What happens when there is no downtime? How many bus and train riders today spend their entire commute texting, tweeting, or surfing the web on palm-size electronics? How many people sleep with their cell phones next to their beds or even nestled beside them in bed?  You don’t have to be Theodore Twombly to fall in love with your Personal Device.  And Personal Devices can be among the most jealous and possessive of lovers.  When surveyed half of workers age twenty-one to thirty-one, say they would circumvent any company policy banning the use of personal devices at work or for work purposes

Even those employees who don’t live on their Personal Devices find themselves buried under avalanche after avalanche of plain old-fashioned e-mail.  We are in a state of constant sensory overload.  How can we have an inventive, work-  or life-changing thought when we can’t even hear ourselves think?

Playrooms

Ping Pong at Google It’s ironic that the very industry that landed us in this midst of this constant e-noise is the one that has recognized it must carve out a time and a place for its employees to play or to chill or to simply be. High Tech companies are creating spaces which encourage employees to rest their overworked brains, so that they can logoff, shutdown, and reboot.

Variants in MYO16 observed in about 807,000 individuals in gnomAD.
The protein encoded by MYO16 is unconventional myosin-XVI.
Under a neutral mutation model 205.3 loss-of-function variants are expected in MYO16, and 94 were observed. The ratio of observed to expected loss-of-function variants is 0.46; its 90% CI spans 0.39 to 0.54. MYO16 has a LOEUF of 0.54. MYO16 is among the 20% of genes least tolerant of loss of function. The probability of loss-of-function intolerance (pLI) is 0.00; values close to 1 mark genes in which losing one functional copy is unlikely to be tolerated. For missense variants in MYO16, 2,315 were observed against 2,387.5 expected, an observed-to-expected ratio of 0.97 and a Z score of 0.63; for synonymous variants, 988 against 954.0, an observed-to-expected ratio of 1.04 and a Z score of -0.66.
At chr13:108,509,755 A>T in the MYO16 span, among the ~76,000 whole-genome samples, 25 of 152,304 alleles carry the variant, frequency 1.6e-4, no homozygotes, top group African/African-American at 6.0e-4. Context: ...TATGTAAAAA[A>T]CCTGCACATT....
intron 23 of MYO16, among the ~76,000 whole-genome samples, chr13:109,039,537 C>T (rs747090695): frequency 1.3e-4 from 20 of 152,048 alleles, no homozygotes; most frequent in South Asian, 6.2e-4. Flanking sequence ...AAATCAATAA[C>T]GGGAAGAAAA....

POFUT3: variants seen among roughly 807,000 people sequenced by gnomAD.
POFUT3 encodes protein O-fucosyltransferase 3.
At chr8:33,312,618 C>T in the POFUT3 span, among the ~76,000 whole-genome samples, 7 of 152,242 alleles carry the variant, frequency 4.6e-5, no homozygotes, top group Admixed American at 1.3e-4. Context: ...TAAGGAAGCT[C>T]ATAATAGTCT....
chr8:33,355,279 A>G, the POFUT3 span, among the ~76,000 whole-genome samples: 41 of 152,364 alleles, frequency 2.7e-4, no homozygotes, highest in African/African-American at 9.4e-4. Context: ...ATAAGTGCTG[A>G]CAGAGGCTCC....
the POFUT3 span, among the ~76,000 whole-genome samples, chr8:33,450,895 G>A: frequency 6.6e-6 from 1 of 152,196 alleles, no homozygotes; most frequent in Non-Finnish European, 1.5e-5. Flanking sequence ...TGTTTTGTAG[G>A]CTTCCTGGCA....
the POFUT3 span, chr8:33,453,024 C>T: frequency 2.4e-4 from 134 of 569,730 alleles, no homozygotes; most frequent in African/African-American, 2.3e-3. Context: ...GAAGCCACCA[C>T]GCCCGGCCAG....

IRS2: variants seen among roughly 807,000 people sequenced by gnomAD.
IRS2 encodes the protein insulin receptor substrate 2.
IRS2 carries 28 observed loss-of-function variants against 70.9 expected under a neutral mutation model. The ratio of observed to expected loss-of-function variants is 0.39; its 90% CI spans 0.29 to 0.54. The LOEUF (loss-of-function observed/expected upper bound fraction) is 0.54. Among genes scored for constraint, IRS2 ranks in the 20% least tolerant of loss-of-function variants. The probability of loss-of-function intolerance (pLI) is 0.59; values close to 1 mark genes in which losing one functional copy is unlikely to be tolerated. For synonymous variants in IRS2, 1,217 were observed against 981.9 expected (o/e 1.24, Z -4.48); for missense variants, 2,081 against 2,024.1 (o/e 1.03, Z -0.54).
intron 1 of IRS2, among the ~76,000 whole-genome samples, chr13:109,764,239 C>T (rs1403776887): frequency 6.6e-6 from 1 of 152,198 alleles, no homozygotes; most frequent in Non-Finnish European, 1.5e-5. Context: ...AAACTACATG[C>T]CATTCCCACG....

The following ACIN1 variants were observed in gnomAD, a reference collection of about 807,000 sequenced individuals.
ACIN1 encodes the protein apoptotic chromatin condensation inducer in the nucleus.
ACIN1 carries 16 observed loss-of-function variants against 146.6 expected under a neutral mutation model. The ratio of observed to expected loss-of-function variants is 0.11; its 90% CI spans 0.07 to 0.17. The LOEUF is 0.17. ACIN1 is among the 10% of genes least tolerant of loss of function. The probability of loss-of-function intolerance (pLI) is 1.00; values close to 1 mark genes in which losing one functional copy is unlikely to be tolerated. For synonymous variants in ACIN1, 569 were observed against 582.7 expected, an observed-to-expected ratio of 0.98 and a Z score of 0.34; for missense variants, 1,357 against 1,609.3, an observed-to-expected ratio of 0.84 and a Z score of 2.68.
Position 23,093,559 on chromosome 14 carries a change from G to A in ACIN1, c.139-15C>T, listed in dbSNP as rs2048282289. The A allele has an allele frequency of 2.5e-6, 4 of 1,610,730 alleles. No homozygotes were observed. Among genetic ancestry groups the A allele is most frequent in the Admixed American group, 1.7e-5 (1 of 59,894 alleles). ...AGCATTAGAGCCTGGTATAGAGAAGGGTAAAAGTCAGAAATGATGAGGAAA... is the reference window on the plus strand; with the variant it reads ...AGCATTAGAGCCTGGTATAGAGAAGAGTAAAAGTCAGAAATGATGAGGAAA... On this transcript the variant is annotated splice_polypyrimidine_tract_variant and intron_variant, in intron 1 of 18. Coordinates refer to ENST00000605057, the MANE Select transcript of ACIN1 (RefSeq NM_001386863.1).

Most Silicon Valley companies feature ping pong and foosball tables in their offices. The most popular way to get around Google’s block-size New York office is by scooter. And see those bookcases along the wall? They’re secret passages:  doorways which open onto reflection rooms.

This trend of creative spaces has already made its way across the pond. Mind Candy in London has a Wooden Tree House Room and a Gingerbread House for holding meetings.  Its offices also include a “coloring wall and quiet areas that look like Hobbit holes.” Ticketmaster’s London office sports “ a metal slide that staff can take to reach the bar area, where table football, a jukebox and pinball machines await.

Touchdown!

 The nights Germany carpet bombed London, the city’s citizens  shut off every last light. Maybe what we need to do is forge a daily social media blackout of, say, thirty minutes in our workplaces. During those thirty minutes all employees will take a furlough from all forms of social media. They can get up and walk around, talk to each other face to face, get a cup of coffee, or even work (imagine how much work you could get done in thirty uninterrupted minutes!). And imagine, just imagine, if  some employees took  a few deep breaths and stared  into space, or opened their blinds and looked out the window, or constructed a goal post out of pencils and rubber bands and thumb-kicked a triangular folded-paper football over it, what creative breakthroughs they might have?  Fresh products. Cutting edge services. New and improved ways to reach their customers.

Me? I’d kill for an office with bath. One of those deep Victorian tubs with bear claw feet and a bar of French milled soap and some bubbles.  Logoff. Shutdown. Reboot.